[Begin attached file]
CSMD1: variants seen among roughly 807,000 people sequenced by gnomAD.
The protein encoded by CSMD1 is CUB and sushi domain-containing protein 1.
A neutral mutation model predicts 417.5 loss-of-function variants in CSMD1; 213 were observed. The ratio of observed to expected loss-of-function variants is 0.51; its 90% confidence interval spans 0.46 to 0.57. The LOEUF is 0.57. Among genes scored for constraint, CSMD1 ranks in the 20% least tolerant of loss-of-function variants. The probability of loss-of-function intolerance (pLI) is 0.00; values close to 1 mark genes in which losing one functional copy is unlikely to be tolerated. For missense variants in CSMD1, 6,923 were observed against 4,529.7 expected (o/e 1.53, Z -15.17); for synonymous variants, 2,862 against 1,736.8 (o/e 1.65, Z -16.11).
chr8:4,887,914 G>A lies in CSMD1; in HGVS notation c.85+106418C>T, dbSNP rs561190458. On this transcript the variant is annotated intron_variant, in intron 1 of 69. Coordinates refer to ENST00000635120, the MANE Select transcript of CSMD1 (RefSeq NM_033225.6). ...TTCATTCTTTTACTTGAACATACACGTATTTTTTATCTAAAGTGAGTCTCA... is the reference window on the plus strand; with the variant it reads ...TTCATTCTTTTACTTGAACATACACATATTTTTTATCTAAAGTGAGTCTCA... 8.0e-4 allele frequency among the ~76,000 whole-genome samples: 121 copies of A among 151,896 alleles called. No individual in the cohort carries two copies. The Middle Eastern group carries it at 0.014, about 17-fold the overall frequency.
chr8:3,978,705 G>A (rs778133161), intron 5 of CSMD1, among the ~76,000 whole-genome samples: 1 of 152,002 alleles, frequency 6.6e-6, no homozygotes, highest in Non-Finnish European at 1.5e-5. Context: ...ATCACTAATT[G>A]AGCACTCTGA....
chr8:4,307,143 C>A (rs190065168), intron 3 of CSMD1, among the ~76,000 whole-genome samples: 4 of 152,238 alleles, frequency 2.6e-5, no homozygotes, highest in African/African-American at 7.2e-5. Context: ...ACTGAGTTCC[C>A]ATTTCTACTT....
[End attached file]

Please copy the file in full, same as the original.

CSMD1: variants seen among roughly 807,000 people sequenced by gnomAD.
The protein encoded by CSMD1 is CUB and sushi domain-containing protein 1.
A neutral mutation model predicts 417.5 loss-of-function variants in CSMD1; 213 were observed. The ratio of observed to expected loss-of-function variants is 0.51; its 90% confidence interval spans 0.46 to 0.57. The LOEUF is 0.57. Among genes scored for constraint, CSMD1 ranks in the 20% least tolerant of loss-of-function variants. The probability of loss-of-function intolerance (pLI) is 0.00; values close to 1 mark genes in which losing one functional copy is unlikely to be tolerated. For missense variants in CSMD1, 6,923 were observed against 4,529.7 expected (o/e 1.53, Z -15.17); for synonymous variants, 2,862 against 1,736.8 (o/e 1.65, Z -16.11).
chr8:4,887,914 G>A lies in CSMD1; in HGVS notation c.85+106418C>T, dbSNP rs561190458. On this transcript the variant is annotated intron_variant, in intron 1 of 69. Coordinates refer to ENST00000635120, the MANE Select transcript of CSMD1 (RefSeq NM_033225.6). ...TTCATTCTTTTACTTGAACATACACGTATTTTTTATCTAAAGTGAGTCTCA... is the reference window on the plus strand; with the variant it reads ...TTCATTCTTTTACTTGAACATACACATATTTTTTATCTAAAGTGAGTCTCA... 8.0e-4 allele frequency among the ~76,000 whole-genome samples: 121 copies of A among 151,896 alleles called. No individual in the cohort carries two copies. The Middle Eastern group carries it at 0.014, about 17-fold the overall frequency.
chr8:3,978,705 G>A (rs778133161), intron 5 of CSMD1, among the ~76,000 whole-genome samples: 1 of 152,002 alleles, frequency 6.6e-6, no homozygotes, highest in Non-Finnish European at 1.5e-5. Context: ...ATCACTAATT[G>A]AGCACTCTGA....
chr8:4,307,143 C>A (rs190065168), intron 3 of CSMD1, among the ~76,000 whole-genome samples: 4 of 152,238 alleles, frequency 2.6e-5, no homozygotes, highest in African/African-American at 7.2e-5. Context: ...ACTGAGTTCC[C>A]ATTTCTACTT....